One of my favorites is Wait by Antoinette Portis. It reminds me of when ML was little. We had to stop and look at every rock, bug, stick, cat, dog, and shiny thing we passed. A four block walk to the park often took fifteen minutes. One of the joys of being around young children is seeing the world through their eyes. No matter how hurried we are, they always seem to find something to remind us why it’s important to slow down and wait.
I promise I won’t keep you waiting any longer. I’m back to blogging about picture books. And Julia will keep us up to date on middle grade novels.
Three words: funny, exciting, unique Favorite part: I really liked when Izzy got a super power. Favorite character: Izzy because she was most like me- nerdy and a little geeky. How I felt: I got excited in this book, especially when they broke in to the house where Max was imprisoned.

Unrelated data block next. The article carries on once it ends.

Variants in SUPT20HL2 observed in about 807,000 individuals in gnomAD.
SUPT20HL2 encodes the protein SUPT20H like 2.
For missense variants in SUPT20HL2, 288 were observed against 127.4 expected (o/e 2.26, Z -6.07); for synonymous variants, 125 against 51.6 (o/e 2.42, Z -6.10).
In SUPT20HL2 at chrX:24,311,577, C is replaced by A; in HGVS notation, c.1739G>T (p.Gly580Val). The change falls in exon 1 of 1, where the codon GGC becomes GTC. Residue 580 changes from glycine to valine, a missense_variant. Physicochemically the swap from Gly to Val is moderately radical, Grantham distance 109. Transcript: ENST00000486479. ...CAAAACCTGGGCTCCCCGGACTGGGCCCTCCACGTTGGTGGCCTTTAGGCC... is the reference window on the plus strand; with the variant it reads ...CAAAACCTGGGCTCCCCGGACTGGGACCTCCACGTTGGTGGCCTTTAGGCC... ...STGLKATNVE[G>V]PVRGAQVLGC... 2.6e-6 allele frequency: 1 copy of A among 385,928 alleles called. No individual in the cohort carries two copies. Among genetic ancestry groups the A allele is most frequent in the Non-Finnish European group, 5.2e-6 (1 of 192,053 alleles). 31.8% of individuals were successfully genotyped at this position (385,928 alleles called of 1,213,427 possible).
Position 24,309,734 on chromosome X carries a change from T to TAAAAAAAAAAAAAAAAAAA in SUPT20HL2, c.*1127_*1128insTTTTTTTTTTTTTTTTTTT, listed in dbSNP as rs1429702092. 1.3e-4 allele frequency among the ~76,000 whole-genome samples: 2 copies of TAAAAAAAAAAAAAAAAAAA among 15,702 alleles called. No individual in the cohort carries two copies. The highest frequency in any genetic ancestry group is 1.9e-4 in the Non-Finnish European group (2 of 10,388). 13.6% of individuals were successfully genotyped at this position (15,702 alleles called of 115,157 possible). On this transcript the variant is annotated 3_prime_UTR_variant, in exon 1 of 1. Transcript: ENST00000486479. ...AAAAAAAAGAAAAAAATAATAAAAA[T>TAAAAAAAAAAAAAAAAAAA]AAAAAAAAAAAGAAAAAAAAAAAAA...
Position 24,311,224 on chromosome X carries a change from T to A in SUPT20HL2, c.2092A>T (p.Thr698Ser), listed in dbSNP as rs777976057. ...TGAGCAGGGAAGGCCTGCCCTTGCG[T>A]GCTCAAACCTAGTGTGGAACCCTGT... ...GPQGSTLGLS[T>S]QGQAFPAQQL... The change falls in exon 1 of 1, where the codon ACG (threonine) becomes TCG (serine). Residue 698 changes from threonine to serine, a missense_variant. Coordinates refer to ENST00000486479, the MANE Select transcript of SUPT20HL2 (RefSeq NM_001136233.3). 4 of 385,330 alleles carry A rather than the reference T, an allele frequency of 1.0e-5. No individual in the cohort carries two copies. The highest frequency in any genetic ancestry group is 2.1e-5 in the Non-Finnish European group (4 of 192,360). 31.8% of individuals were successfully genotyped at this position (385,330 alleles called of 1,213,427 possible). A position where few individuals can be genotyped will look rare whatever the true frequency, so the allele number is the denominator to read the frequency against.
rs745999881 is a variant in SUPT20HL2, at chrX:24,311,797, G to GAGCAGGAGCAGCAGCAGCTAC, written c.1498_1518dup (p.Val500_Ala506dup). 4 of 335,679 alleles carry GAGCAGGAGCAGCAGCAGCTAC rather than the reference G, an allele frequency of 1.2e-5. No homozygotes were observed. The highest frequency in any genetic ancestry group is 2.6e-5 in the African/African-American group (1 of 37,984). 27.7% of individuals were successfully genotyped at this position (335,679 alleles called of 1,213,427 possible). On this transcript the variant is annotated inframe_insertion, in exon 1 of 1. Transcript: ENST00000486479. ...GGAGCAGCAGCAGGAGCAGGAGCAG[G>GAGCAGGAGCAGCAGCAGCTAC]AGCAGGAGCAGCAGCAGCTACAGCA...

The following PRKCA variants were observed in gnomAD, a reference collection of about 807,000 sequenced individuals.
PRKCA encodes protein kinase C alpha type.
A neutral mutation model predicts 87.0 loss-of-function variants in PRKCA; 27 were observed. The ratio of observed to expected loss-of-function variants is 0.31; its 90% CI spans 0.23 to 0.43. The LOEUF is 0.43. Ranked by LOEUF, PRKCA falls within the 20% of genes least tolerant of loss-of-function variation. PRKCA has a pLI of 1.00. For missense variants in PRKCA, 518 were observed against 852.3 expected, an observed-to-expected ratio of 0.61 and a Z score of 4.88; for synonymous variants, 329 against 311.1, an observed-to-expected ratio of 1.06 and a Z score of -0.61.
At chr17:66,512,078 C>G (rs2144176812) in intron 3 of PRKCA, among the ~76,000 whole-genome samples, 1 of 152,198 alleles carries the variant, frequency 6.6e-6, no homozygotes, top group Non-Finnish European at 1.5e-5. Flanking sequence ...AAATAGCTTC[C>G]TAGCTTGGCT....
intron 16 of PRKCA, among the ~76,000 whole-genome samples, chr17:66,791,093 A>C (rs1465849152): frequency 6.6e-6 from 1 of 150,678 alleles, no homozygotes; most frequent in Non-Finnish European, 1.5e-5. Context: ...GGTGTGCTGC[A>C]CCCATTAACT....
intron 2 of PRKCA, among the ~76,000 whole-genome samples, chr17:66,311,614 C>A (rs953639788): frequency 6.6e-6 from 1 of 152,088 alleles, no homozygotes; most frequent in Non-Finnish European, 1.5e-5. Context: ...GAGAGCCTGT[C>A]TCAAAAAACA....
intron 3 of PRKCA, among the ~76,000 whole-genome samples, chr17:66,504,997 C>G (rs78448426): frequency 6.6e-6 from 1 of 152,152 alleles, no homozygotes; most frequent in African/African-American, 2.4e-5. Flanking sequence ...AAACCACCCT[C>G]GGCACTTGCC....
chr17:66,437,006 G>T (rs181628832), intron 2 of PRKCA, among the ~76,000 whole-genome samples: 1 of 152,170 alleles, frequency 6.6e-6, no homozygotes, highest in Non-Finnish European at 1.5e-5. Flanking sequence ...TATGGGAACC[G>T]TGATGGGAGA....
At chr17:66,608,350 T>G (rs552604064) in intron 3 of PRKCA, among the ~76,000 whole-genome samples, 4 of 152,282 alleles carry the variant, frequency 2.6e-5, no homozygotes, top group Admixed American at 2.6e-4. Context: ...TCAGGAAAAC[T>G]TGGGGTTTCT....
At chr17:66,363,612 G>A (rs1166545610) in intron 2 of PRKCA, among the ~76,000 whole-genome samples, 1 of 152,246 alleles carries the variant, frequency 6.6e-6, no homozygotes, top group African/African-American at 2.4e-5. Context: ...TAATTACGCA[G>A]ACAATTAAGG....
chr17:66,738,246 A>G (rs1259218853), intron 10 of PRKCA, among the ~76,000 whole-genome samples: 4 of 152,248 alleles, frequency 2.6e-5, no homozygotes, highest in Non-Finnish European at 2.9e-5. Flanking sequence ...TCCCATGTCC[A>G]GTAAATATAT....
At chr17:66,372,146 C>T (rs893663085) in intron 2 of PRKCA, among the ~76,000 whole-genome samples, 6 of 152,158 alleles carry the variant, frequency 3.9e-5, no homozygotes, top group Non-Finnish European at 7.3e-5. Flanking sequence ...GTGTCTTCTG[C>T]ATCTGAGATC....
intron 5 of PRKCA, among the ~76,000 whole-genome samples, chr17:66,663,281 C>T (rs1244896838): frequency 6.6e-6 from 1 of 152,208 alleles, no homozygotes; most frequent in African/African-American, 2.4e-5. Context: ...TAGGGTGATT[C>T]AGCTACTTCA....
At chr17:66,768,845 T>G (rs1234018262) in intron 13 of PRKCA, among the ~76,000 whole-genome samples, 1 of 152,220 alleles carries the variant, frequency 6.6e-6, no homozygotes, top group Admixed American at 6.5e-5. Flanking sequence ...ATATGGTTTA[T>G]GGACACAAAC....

Synopsis from Candlewick “Jessica Jenkins has always been a perfectly ordinary girl—until one day part of her arm vanishes in the middle of geography class! Jessica’s friends Izzy and Tom are determined to help her develop her newfound invisibility, though Jessica is more concerned with discovering where the ability came from. When it becomes apparent that there may be other kids developing strange powers of their own, Jessica marshals them into a slapdash band of “slightly superheroes.” But when an unscrupulous adult discovers the origin of their powers and kidnaps one of the team, the rest must put their heads—and all of their skills—together to avert disaster.”